On a beautiful, sunny Sunday morning, I arrived at the still closed doors of the Royal Academy determined to be first in and to have my long-standing hero, Michelangelo, to myself with all the quiet intimacy his tiny, yet exquisite drawings require. So I entered the first darkened room wholly unprepared to come face to face with a floor-to-ceiling-high woman squatting with splayed legs in the final throes of childbirth. Next to her, equally huge, a ghostly figure swirled like white ink dropped in black water. And beyond that, the hollow-cheeked face of an old woman sucked her final breaths through a respirator.
While very moving, Bill Viola’s video installation Nante’s Triptych is, in some ways, a fairly obvious depiction of humanity. Between the life-filled rotundity of the baby’s face and the sunken cavities that collapse the old woman’s into little more than a skin-covered scull, lies what we call ‘Life’. Birth and Death become mere moments, portals into and out of the human experience.
But standing in front of these huge videos I saw something else too. It was like I was staring at a visual rendition of one of the underlying plots of the book I’m writing. For, as I took my first breaths in a nursing home in Kent, my German grandfather was heaving his last in the family home in Schleswig Holstein. Our lives overlapped for a mere six days and yet, behind the changing backdrops to my physical existence, he too continued to exist. As I tripped and tromped my way through the various milestones of my life, he was there; an absent presence, like the shadowy figure of a backstage assistant, moving behind the scenes, invisible to the audience but essential for the illusion of the stage ‘reality’. “The dead are invisible, they are not absent,” St Augustine had said. And looking at that central panel, Viola seems to be saying that too; we all occupy the same space, between Birth, Death and Rebirth.
Overtaking other early visitors immersed in subsequent room-sized Viola installations, I eventually reached a row of Michelangelo’s drawings and shrank my full attention into each one in turn. And there I saw what I value most in the world. There, vibrating through the tiny pencil strokes evoking Mary’s extreme tenderness towards her child, the weightlessness of Christ’s resurrection and the dynamic muscularity of writhing male figures, was the most sublime evidence of the soul. That invisible part of us that transcends birth, life, death… even Brexit. In this country the word ‘soul’ is often spurned for its religious connotations. As a result, even the concept of soul is all but ignored or avoided by modern politics, the school curriculum, medicine and science… but not by Art. In Germany, the word for soul is Seele. It effortlessly encompasses all that is intangible about us – mental, psychological, emotional, spiritual, psychic – so it is more liberally embraced and supported in many spheres of life. This is what I fear we have been losing sight of in pre-Brexit Britain; that essence of what we love and value about a Michelangelo or any other truly great piece of art.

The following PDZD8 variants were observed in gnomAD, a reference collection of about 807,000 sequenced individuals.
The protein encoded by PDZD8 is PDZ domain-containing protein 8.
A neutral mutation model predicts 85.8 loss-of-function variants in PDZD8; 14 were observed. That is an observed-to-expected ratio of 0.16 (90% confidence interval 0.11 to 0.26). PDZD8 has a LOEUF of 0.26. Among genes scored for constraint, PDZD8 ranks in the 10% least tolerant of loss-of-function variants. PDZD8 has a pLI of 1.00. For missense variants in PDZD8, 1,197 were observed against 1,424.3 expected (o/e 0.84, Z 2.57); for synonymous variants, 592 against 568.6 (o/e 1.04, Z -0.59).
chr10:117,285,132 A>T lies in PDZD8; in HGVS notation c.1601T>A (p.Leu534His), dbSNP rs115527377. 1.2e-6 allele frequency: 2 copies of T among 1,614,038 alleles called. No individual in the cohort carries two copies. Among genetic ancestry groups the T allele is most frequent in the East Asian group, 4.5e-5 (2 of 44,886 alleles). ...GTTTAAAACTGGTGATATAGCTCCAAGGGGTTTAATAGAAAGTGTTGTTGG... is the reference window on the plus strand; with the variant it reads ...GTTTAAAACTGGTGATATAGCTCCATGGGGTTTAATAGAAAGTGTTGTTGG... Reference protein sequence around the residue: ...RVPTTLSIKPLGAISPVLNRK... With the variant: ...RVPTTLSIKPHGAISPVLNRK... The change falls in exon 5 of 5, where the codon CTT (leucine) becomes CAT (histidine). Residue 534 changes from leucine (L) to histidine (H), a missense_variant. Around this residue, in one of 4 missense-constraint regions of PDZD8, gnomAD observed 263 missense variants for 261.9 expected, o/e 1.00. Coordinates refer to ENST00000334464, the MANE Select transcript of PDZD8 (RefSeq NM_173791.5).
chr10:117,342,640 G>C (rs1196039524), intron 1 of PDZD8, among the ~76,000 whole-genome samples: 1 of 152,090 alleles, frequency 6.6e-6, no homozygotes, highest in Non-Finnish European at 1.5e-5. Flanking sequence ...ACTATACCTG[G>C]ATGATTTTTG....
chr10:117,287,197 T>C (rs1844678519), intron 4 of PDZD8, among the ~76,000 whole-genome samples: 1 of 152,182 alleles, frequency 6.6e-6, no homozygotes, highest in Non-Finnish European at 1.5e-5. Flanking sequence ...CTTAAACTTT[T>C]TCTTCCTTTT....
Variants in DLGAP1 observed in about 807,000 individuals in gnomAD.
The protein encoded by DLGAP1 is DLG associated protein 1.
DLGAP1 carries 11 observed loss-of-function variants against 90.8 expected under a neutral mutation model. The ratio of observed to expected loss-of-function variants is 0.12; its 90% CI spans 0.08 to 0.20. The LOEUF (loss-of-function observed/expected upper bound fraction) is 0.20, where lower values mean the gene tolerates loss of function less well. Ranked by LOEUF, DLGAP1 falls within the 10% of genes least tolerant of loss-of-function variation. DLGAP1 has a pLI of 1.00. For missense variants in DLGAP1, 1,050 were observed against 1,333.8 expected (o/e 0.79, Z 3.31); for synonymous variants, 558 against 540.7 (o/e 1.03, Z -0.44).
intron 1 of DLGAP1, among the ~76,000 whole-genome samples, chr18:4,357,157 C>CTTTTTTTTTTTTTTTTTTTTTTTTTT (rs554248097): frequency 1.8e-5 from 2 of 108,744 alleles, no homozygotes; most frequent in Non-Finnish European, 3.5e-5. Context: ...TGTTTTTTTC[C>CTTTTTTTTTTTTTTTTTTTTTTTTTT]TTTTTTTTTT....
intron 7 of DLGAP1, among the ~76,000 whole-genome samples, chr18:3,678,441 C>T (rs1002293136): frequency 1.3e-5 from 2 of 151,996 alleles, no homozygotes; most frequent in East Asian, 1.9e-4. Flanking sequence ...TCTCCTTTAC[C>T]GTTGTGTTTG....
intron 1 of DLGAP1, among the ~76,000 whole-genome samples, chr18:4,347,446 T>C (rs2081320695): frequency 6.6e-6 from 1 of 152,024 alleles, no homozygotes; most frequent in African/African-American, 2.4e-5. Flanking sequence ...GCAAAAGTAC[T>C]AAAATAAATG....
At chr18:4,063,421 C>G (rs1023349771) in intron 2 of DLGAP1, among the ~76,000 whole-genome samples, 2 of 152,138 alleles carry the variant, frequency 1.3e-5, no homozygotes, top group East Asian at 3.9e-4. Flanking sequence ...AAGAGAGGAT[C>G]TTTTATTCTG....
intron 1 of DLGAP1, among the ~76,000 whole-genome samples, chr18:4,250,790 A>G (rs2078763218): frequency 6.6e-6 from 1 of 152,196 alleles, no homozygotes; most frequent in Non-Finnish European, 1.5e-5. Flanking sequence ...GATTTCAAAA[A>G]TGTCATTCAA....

Whatever happens on March 29th – ok, here we go, here’s my penny’s worth on the subject of Brexit – I see Britain as a nation in grave danger of losing touch with its soul. The fool’s gold of ‘economic growth’, ‘financial independence’, ‘control’, ‘national identity’ and ‘greatness’ with which we are endlessly pounded will merely dump us on a new shore battered, divided and disorientated. Some people and businesses, above all in the City, will thrive, but many more won’t because those aren’t the things that make a nation as a whole happy, fair or humane. Look at the 45% rise in knife crime of recent years… it’s not just down to the cuts in policing. Neither is an increase to policing the main solution. No, this country has been short-sighted and plain wrong to cut out and close down so many of the small things that nurture and nourish peoples’ souls; youth centres, productive activities in prisons, learning assistance, the arts… Those are the things that make a real difference to many peoples’ lives. That’s why I am choosing to duck beneath the turbulent political waves rocking our country and beyond, to fill myself with art and cultivate spaces where the quieter qualities of soul and all that we as humans share in common, can thrive. Because without those, Britain will become infinitely poorer whichever way Brexit goes.